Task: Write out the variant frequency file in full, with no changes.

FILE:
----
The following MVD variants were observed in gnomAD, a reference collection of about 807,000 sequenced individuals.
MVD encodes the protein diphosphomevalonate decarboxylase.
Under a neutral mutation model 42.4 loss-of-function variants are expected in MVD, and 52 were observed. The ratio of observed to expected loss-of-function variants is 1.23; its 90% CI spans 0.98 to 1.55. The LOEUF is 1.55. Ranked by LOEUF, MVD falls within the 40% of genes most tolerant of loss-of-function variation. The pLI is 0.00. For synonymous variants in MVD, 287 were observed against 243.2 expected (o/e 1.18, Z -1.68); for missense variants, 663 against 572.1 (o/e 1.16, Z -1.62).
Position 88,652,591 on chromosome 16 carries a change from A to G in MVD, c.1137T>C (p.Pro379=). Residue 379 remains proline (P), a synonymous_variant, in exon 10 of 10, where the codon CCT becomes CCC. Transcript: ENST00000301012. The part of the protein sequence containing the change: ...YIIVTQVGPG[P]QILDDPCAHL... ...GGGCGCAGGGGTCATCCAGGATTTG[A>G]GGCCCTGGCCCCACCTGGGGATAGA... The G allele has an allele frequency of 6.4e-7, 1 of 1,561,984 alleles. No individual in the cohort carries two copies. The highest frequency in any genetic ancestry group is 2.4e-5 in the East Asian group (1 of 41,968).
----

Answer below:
The following MVD variants were observed in gnomAD, a reference collection of about 807,000 sequenced individuals.
MVD encodes the protein diphosphomevalonate decarboxylase.
Under a neutral mutation model 42.4 loss-of-function variants are expected in MVD, and 52 were observed. The ratio of observed to expected loss-of-function variants is 1.23; its 90% CI spans 0.98 to 1.55. The LOEUF is 1.55. Ranked by LOEUF, MVD falls within the 40% of genes most tolerant of loss-of-function variation. The pLI is 0.00. For synonymous variants in MVD, 287 were observed against 243.2 expected (o/e 1.18, Z -1.68); for missense variants, 663 against 572.1 (o/e 1.16, Z -1.62).
Position 88,652,591 on chromosome 16 carries a change from A to G in MVD, c.1137T>C (p.Pro379=). Residue 379 remains proline (P), a synonymous_variant, in exon 10 of 10, where the codon CCT becomes CCC. Transcript: ENST00000301012. The part of the protein sequence containing the change: ...YIIVTQVGPG[P]QILDDPCAHL... ...GGGCGCAGGGGTCATCCAGGATTTG[A>G]GGCCCTGGCCCCACCTGGGGATAGA... The G allele has an allele frequency of 6.4e-7, 1 of 1,561,984 alleles. No individual in the cohort carries two copies. The highest frequency in any genetic ancestry group is 2.4e-5 in the East Asian group (1 of 41,968).